In the minister’s office, we heard a loud explosion. Almost everyone in the room went to the window. I was the last to get up and found myself thrown across the room by a blast that came seconds after the initial explosion, a stun grenade we later learned. I thought I was going to die, but instead an embassy colleague and I descended endless stairs with hundreds of shocked, silent, bleeding Kenyans. It was only when we got out onto the street and I saw the charred remains of what was once a human being and the devastation of the embassy that I got a sense of what had happened.
Thousands of Kenyans had raced to the scene to use their bare hands to dig people out of the rubble of an office building that had collapsed next to the embassy. There was no 911, no firefighters, no rescue squads. In our embassy, victims had turned into their own first responders, returning into a death trap to gather up the dead, seek out the wounded, and uncover colleagues buried in debris. Meanwhile, teams had set up a crisis center, which I joined as soon as a doctor declared me fit an hour or so after the explosion. We had to tend to the wounded, find the missing, console the bereaved, make space for the rescuers, assist agents, answer Washington’s questions, deal with the press, assess what we could do to help Kenyans and Nairobi’s overwhelmed medical infrastructure . . . and on, and on, and on.
The day after the bombing, as I was asked to be in multiple places at once, I remembered the written words of a mentor: take care of your people, and the rest will take care of itself. What was a mantra the first couple of days turned into my leadership strategy. Over the next ten months, as we dug ourselves out of a trench of despair, reconstructed our organization, struggled to heal, and repaired the bonds of friendship with the Kenyan people, I learned what taking care of people really means—and the results it produces.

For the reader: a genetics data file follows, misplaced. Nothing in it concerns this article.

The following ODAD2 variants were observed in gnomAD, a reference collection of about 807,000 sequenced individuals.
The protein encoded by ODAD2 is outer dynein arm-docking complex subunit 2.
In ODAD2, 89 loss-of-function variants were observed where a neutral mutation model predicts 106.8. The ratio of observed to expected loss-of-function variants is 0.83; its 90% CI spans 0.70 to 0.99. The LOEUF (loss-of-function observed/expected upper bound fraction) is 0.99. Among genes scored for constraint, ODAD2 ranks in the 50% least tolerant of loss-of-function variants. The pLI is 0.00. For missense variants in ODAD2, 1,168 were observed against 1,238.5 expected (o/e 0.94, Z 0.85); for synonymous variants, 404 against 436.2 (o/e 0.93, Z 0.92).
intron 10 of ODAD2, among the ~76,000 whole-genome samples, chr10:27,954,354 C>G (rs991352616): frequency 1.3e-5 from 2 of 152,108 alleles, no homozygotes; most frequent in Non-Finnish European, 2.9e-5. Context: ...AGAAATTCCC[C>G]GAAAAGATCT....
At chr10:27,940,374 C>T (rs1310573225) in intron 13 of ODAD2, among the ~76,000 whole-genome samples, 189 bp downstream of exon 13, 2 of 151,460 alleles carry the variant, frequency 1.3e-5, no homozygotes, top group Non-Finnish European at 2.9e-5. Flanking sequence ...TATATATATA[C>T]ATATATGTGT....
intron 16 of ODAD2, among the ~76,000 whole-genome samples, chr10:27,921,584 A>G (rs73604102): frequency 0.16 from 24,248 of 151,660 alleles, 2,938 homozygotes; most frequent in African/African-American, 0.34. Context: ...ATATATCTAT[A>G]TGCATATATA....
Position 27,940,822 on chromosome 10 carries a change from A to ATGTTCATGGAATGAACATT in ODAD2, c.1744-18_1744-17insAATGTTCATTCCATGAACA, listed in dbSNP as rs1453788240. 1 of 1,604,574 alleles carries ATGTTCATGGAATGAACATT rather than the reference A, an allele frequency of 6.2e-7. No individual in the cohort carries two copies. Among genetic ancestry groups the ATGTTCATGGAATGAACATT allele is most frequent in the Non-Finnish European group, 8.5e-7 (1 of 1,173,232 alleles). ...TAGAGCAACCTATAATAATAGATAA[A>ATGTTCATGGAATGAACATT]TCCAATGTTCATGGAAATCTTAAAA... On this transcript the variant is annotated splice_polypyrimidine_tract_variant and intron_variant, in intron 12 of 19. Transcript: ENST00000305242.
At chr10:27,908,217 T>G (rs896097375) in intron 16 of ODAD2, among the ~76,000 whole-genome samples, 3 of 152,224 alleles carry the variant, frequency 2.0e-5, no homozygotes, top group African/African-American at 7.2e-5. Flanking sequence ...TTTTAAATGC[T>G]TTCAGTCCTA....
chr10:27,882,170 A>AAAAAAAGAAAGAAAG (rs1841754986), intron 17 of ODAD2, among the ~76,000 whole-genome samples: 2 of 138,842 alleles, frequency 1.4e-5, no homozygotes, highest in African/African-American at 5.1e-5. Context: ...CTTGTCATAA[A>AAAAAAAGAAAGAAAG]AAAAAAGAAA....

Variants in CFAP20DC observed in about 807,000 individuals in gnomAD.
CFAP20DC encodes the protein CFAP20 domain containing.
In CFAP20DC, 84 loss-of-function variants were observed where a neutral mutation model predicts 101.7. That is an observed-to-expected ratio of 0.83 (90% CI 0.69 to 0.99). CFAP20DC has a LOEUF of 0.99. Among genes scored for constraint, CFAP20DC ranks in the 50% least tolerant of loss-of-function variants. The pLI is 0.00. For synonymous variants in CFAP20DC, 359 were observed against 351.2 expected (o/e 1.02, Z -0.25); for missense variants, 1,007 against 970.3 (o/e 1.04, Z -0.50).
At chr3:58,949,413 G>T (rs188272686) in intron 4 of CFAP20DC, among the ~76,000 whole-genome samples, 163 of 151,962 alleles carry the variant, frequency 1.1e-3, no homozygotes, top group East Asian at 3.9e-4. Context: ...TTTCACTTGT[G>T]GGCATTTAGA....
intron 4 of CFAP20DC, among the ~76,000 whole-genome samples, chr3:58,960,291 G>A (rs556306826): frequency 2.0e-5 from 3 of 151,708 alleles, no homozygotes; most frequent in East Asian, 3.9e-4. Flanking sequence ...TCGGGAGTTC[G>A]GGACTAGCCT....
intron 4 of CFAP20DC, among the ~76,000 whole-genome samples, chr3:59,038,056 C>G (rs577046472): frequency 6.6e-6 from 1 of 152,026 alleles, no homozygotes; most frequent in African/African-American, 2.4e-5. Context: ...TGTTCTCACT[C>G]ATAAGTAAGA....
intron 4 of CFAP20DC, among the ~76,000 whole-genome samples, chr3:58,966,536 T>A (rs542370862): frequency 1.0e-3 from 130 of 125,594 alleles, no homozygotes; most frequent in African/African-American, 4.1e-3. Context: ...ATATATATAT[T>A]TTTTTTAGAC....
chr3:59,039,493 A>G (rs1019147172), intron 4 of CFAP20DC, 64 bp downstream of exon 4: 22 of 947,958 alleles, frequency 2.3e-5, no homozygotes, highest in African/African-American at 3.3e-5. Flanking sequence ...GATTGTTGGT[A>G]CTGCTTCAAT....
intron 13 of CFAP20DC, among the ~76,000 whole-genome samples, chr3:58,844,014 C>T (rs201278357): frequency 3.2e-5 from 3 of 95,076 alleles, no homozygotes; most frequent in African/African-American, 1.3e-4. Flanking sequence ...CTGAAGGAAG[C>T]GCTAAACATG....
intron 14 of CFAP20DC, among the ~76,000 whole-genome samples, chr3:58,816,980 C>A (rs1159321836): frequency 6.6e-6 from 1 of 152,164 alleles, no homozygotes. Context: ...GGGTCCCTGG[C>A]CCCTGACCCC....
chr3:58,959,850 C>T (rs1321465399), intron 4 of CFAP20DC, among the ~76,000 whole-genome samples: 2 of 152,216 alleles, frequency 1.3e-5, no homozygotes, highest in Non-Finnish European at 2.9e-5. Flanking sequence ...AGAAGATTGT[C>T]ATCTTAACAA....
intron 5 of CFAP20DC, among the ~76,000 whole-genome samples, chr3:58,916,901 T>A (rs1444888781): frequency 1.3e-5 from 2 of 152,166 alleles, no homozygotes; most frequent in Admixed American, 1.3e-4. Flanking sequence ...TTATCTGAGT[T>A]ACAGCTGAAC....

You entered the Foreign Service at a time few women served in midlevel and senior ranks. What was it like to work in a traditionally male profession?
I entered the service in the early 1980s through an affirmative action program designed to redress years of discrimination against women and minorities. I was in my midthirties and already experienced in dealing with double standards, macho jerks and institutional biases, which I continued to address head on. I had men and women bosses who gave me opportunities to shine, and male and female mentors who gave me practical advice and were strong role models. As a senior representative of the U.S. government, powerful men in other countries had no choice but to interact with me however unpleasant they sometimes let me know it was. I learned to use the advantages of being a woman diplomat—one can say and do things men cannot—to persevere and face down bullies. After al Qaeda blew up our embassy in 1998, I found taking care of people to be the most natural and challenging experience of my life. When some of my Kenyan colleagues called me “mama” I took it as the title of respect it was meant to be. I had taken charge and taken care.
As terrorist threats and our conflicts with jihadists continue through a fourth presidency, what has our government learned from the 1998 embassy bombings? What’s changed after twenty years? Is our military strategy working? Is the war on terror one in which we might one day declare victory?
The so-called war on terror is the longest war in this nation’s history with no victory or end in sight. We redeploy volunteer soldiers to pay for failed military strategies in Afghanistan, Iraq, Syria, the Horn of Africa, and other distant places, causing at least seven thousand deaths and tens of thousands of injuries among our military. Financial costs are also high: Americans have spent over $2 trillion, adding 10 percent to our budget deficit. Largely unreported is the toll on civilians in conflict areas. Estimates surpass a million innocent people who have died, suffered wounds, fled their homes, left their countries, or live in fear and misery. Meanwhile, jihadist groups continue to spread. I would not call our strategy successful; I would call it collective stupidity.
Ideologies are not eradicated with guns, tactics to terrorize civilians are not stopped by war, and our military might cannot substitute for diplomacy, development, and innovative strategies to create change through peaceful means.